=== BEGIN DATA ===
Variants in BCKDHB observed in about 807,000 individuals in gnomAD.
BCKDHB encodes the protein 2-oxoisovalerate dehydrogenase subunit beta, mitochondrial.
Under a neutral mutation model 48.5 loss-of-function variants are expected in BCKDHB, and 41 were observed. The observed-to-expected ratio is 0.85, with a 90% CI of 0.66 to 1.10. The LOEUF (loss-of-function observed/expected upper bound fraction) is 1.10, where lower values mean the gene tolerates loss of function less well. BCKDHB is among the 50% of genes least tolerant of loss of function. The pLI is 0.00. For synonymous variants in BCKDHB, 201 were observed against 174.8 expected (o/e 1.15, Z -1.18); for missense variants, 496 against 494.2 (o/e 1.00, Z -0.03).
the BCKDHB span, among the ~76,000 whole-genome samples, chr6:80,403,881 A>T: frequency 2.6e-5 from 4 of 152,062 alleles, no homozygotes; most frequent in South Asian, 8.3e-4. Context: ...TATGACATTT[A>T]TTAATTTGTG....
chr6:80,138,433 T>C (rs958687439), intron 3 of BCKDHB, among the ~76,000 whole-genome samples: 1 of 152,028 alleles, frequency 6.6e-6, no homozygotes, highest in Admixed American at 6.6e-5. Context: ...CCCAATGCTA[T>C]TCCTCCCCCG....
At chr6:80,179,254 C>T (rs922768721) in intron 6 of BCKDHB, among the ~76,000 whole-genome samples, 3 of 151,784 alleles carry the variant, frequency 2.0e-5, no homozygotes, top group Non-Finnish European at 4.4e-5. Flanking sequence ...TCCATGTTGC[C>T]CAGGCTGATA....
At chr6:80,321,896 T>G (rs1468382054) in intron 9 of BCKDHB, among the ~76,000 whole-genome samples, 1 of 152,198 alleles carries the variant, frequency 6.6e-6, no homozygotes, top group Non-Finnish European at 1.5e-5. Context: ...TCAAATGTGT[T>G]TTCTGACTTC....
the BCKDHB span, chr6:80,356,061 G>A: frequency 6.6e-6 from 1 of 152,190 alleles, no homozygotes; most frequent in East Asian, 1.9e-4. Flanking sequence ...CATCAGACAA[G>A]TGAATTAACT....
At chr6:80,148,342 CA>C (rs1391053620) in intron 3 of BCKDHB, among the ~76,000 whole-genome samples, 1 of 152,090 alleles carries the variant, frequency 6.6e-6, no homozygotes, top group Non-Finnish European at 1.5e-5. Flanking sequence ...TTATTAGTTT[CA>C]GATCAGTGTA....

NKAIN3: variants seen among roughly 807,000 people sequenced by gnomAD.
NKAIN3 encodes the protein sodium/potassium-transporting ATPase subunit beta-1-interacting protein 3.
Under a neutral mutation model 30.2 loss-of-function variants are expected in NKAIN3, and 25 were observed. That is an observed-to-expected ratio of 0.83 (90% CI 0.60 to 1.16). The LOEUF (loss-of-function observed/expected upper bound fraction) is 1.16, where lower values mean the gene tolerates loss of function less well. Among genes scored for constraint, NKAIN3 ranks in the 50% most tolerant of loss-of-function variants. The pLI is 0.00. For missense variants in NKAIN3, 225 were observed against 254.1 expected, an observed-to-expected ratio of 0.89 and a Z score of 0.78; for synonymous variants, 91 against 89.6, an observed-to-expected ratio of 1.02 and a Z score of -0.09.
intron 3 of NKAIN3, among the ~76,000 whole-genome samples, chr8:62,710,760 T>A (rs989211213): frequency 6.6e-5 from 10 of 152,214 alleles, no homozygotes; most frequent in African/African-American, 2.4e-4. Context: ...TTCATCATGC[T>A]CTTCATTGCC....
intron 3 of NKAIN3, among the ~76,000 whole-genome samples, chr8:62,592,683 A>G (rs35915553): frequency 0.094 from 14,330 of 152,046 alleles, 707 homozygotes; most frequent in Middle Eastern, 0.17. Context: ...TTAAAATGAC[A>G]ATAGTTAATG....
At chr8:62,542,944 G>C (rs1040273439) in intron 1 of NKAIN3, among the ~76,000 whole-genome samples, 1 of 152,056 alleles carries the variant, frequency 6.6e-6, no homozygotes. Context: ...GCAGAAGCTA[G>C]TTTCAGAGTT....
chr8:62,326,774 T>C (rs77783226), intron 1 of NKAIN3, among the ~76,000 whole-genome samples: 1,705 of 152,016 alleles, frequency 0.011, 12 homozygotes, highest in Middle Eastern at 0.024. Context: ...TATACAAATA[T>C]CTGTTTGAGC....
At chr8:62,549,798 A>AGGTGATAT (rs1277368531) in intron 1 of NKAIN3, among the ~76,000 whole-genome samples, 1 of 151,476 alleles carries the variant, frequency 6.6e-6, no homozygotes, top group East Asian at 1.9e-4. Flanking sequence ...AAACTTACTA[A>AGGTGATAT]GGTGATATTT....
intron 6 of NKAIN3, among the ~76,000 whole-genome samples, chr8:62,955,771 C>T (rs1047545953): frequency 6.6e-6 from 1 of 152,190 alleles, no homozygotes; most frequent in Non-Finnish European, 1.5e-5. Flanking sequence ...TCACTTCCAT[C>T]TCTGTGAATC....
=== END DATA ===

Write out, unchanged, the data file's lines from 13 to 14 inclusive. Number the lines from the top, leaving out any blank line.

intron 3 of NKAIN3, among the ~76,000 whole-genome samples, chr8:62,710,760 T>A (rs989211213): frequency 6.6e-5 from 10 of 152,214 alleles, no homozygotes; most frequent in African/African-American, 2.4e-4. Context: ...TTCATCATGC[T>A]CTTCATTGCC....
intron 3 of NKAIN3, among the ~76,000 whole-genome samples, chr8:62,592,683 A>G (rs35915553): frequency 0.094 from 14,330 of 152,046 alleles, 707 homozygotes; most frequent in Middle Eastern, 0.17. Context: ...TTAAAATGAC[A>G]ATAGTTAATG....